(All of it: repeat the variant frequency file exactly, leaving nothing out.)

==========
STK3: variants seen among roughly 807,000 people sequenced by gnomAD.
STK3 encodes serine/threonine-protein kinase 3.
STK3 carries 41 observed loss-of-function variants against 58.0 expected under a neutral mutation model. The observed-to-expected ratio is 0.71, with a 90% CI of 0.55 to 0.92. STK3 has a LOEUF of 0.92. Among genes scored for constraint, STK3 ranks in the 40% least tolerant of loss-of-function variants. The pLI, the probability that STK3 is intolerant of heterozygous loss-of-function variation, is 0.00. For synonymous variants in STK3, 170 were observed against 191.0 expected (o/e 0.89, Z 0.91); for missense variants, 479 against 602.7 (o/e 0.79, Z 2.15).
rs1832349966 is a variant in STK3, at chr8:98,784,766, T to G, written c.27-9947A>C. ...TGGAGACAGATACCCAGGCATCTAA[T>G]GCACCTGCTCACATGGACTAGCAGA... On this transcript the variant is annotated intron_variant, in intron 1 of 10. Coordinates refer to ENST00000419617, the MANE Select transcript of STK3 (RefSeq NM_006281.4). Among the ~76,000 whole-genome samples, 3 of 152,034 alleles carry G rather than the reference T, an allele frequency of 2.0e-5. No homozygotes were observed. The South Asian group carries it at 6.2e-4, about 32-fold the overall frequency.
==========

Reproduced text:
STK3: variants seen among roughly 807,000 people sequenced by gnomAD.
STK3 encodes serine/threonine-protein kinase 3.
STK3 carries 41 observed loss-of-function variants against 58.0 expected under a neutral mutation model. The observed-to-expected ratio is 0.71, with a 90% CI of 0.55 to 0.92. STK3 has a LOEUF of 0.92. Among genes scored for constraint, STK3 ranks in the 40% least tolerant of loss-of-function variants. The pLI, the probability that STK3 is intolerant of heterozygous loss-of-function variation, is 0.00. For synonymous variants in STK3, 170 were observed against 191.0 expected (o/e 0.89, Z 0.91); for missense variants, 479 against 602.7 (o/e 0.79, Z 2.15).
rs1832349966 is a variant in STK3, at chr8:98,784,766, T to G, written c.27-9947A>C. ...TGGAGACAGATACCCAGGCATCTAA[T>G]GCACCTGCTCACATGGACTAGCAGA... On this transcript the variant is annotated intron_variant, in intron 1 of 10. Coordinates refer to ENST00000419617, the MANE Select transcript of STK3 (RefSeq NM_006281.4). Among the ~76,000 whole-genome samples, 3 of 152,034 alleles carry G rather than the reference T, an allele frequency of 2.0e-5. No homozygotes were observed. The South Asian group carries it at 6.2e-4, about 32-fold the overall frequency.